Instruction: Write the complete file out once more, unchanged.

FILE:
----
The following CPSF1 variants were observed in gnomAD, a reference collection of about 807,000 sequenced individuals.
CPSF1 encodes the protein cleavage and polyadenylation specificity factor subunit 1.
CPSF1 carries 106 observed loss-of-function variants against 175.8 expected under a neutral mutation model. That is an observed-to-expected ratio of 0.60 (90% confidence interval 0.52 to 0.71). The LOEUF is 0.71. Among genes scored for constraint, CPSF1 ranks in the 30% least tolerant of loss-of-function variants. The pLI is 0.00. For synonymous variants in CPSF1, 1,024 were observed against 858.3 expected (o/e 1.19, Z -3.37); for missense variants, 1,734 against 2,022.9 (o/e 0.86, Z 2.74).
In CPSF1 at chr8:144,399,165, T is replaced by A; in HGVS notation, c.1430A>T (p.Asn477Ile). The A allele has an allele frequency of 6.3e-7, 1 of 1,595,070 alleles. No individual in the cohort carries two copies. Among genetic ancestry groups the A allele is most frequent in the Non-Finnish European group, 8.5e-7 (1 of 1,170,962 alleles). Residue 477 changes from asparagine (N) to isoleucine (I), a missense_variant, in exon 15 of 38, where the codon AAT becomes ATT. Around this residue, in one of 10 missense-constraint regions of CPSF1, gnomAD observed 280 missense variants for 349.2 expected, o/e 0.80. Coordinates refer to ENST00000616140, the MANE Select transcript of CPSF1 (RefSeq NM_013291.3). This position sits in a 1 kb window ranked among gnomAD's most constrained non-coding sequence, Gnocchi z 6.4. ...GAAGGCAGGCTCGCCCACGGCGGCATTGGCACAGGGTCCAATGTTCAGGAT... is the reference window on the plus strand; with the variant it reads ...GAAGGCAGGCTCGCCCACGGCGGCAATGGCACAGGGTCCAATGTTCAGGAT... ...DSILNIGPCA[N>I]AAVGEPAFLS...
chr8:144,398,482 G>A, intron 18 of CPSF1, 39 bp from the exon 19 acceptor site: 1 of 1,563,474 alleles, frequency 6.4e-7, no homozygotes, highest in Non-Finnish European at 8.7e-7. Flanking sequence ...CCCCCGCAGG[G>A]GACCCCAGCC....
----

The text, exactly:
The following CPSF1 variants were observed in gnomAD, a reference collection of about 807,000 sequenced individuals.
CPSF1 encodes the protein cleavage and polyadenylation specificity factor subunit 1.
CPSF1 carries 106 observed loss-of-function variants against 175.8 expected under a neutral mutation model. That is an observed-to-expected ratio of 0.60 (90% confidence interval 0.52 to 0.71). The LOEUF is 0.71. Among genes scored for constraint, CPSF1 ranks in the 30% least tolerant of loss-of-function variants. The pLI is 0.00. For synonymous variants in CPSF1, 1,024 were observed against 858.3 expected (o/e 1.19, Z -3.37); for missense variants, 1,734 against 2,022.9 (o/e 0.86, Z 2.74).
In CPSF1 at chr8:144,399,165, T is replaced by A; in HGVS notation, c.1430A>T (p.Asn477Ile). The A allele has an allele frequency of 6.3e-7, 1 of 1,595,070 alleles. No individual in the cohort carries two copies. Among genetic ancestry groups the A allele is most frequent in the Non-Finnish European group, 8.5e-7 (1 of 1,170,962 alleles). Residue 477 changes from asparagine (N) to isoleucine (I), a missense_variant, in exon 15 of 38, where the codon AAT becomes ATT. Around this residue, in one of 10 missense-constraint regions of CPSF1, gnomAD observed 280 missense variants for 349.2 expected, o/e 0.80. Coordinates refer to ENST00000616140, the MANE Select transcript of CPSF1 (RefSeq NM_013291.3). This position sits in a 1 kb window ranked among gnomAD's most constrained non-coding sequence, Gnocchi z 6.4. ...GAAGGCAGGCTCGCCCACGGCGGCATTGGCACAGGGTCCAATGTTCAGGAT... is the reference window on the plus strand; with the variant it reads ...GAAGGCAGGCTCGCCCACGGCGGCAATGGCACAGGGTCCAATGTTCAGGAT... ...DSILNIGPCA[N>I]AAVGEPAFLS...
chr8:144,398,482 G>A, intron 18 of CPSF1, 39 bp from the exon 19 acceptor site: 1 of 1,563,474 alleles, frequency 6.4e-7, no homozygotes, highest in Non-Finnish European at 8.7e-7. Flanking sequence ...CCCCCGCAGG[G>A]GACCCCAGCC....